A frequent response to complaints of sexism is a pronouncement that sums up the problem in a dismissive and often incorrect manner (with advice about how to solve the problem often, but not always, implied). This is a form of Derailing. It moves the conversation away from feelings, effects, or practical problem-solving and puts the marginalized person on the defensive.
The usual format of the this response is “oh, that’s clearly because of $issue” (examples could range from “because you’re new” to “because of the oppression encoded in capitalism”; the format is the problem here). One problem with this response is the declarative format (most often found in mansplaining); it sets the speaker up as an authority over the marginalized person’s experiences. The other issue is that diagnosing another person’s situation denies the complexity of it and their right to try to make sense of their own experience. If the diagnosis is correct, it shuts down the conversation; if it’s incorrect, the marginalized person is faced with the choice of trying to correct the diagnosis or remaining silent and disengaging.
- Related to Unsolicited advice, Men are just like that, Geeks are just like that, He's just like that, Autism is to blame
- "Oh, that's just because you're new- it will get better later."
- "That's because you're short."
- "Airlines are just like that- you've got to take them for everything you can!"
- “That reminds me a lot of when $thing happened to me; I think it’s because of the power differential you’re describing.”
Specific variant: unsolicited medical diagnoses
[Note: this section uses "disabled person" in reference to the theory that people are disabled by society and the choices made in social, legal, medical, and architectural environments (among others).]
A very common (and extra damaging) way that this happens is in response to a disabled or chronically ill person talking about their medical issues. People who are temporarily able-bodied will often claim to have had the same symptoms, declare that they know what the ill or disabled person "has", and proceed to give advice. The unsolicited advice is nearly always present in this case.
As above, this response denies the complexity of the situation and the right of the ill or disabled person to try to make sense of their own experience. It also denies the ill or disabled person expertise in their own issues. Finally, it derails the conversation, moving the focus from the issues a marginalized person is struggling with to the uneducated assertions of the temporarily able-bodied person.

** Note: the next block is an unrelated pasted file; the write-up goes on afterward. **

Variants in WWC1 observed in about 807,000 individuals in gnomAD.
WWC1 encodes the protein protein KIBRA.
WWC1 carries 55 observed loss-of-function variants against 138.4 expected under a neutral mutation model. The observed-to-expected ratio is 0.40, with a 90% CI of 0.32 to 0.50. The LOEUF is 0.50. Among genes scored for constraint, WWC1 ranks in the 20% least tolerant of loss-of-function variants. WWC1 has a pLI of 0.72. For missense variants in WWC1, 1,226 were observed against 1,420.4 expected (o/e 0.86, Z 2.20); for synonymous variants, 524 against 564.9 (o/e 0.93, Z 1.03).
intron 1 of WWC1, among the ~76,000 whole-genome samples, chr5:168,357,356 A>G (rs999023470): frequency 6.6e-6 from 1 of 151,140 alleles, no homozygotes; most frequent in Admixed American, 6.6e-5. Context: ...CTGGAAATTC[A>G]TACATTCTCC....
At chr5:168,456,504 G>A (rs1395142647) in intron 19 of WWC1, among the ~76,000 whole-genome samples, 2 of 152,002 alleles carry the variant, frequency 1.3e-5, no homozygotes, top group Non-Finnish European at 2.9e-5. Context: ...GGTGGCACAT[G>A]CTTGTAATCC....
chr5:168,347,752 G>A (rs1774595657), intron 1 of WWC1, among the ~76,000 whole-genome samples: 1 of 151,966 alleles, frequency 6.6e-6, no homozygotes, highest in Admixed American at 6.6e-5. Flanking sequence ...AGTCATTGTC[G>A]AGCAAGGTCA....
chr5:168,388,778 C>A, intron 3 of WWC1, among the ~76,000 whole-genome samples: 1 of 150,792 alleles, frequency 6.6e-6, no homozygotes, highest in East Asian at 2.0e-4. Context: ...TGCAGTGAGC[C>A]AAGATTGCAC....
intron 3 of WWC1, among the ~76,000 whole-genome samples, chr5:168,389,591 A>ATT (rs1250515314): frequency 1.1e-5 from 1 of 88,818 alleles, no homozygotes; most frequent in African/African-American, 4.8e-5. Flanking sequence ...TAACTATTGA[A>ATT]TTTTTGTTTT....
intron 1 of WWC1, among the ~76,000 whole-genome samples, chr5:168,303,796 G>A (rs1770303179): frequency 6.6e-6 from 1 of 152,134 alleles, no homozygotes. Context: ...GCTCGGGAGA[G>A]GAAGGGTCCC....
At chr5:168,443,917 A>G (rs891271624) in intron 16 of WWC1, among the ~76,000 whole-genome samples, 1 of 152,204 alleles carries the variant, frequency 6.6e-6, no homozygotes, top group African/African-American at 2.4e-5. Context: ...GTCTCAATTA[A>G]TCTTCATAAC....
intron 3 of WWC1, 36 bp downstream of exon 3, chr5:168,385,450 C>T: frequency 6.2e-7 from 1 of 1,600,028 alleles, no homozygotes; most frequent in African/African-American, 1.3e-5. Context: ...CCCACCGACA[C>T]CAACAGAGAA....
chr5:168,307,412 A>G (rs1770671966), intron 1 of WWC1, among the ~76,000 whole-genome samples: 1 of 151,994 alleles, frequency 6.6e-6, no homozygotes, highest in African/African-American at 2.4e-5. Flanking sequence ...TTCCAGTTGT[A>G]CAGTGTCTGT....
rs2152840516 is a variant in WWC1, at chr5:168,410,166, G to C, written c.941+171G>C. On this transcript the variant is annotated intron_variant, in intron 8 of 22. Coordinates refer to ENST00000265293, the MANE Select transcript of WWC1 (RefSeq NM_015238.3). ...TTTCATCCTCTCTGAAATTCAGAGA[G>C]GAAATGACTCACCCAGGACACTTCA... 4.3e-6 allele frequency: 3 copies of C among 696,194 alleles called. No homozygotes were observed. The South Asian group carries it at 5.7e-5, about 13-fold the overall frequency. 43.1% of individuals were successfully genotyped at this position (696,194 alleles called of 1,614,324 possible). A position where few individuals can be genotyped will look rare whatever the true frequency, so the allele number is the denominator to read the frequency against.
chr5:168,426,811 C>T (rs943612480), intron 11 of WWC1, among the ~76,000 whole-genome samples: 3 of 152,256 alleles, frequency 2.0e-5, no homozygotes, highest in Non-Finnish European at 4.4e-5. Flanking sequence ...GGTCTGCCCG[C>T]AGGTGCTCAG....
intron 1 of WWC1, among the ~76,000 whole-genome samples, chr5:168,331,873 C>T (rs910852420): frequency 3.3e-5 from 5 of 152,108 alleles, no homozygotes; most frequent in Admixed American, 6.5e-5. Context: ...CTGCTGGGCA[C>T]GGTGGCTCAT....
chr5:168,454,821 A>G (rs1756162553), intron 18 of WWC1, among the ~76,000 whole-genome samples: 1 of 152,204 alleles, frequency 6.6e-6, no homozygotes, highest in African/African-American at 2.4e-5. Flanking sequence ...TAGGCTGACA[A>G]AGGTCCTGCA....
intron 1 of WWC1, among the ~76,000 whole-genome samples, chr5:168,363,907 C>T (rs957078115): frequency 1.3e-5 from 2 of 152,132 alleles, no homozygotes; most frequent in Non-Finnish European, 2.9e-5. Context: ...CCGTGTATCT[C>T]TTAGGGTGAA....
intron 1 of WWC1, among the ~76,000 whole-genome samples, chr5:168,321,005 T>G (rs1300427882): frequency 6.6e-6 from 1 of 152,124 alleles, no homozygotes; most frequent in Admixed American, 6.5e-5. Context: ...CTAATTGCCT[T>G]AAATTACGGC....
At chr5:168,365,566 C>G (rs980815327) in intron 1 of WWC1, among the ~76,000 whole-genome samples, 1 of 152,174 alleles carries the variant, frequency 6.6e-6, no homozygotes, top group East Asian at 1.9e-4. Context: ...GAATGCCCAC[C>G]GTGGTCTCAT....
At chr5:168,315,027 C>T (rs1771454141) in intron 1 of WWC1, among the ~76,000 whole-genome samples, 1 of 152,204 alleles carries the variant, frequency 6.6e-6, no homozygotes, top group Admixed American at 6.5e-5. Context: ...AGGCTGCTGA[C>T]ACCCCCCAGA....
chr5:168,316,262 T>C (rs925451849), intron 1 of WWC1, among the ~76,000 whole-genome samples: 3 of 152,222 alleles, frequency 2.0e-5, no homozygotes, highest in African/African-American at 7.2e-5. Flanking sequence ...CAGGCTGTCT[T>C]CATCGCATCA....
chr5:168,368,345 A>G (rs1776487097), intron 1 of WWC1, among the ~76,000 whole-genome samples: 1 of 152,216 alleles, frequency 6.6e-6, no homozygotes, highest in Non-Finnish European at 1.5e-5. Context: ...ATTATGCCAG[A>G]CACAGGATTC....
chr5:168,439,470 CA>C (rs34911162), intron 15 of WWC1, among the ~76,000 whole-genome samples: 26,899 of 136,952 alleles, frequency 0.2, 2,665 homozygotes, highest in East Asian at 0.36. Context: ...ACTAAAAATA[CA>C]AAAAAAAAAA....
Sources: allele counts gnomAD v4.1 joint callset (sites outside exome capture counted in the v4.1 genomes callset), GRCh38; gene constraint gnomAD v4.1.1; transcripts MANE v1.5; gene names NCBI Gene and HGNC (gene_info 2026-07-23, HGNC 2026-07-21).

- The chances that a temporarily able-bodied person knows better than a disabled or chronically ill person and all the doctors they've seen are VERY low.
- The disabled or chronically ill person now has to decide how to respond and all of the options are terrible.
- Shutting the privileged person down takes a lot of energy and the privileged person may engage in significantly more bad behavior.
- Accepting the advice and allowing the privileged person the position of authority is a betrayal of the self.
- Disengaging may also be perceived as rude by the privileged person who was "just trying to help" and they may respond with more bad behavior.
- Related to Unsolicited advice, Nonconsensual_lemonade-making
- "Oh I had exactly the same skin problem last year and vitamin E oil cleared it right up!"
- "Oh, I see you have one of those skiing accident braces! I had that too, couple months of PT cleared it right up!"
- "That's so hard, I'm really sorry."
- "It must take a lot of your time to try to manage that."
- "That sounds like a tricky thing to deal with- if you want to vent about it I'm here to listen."
- If you have actual knowledge of the specific issue in question, as diagnosed by a medical professional: "I [have a similar condition/issue] [know a friend struggling with something related to this]. If you'd like to compare notes sometime, I'd be down for that."
- It's key that this is an offer and that it doesn't require an immediate answer.
- If you do this, take care that the conversation remains centered on the ill or disabled person and not on you.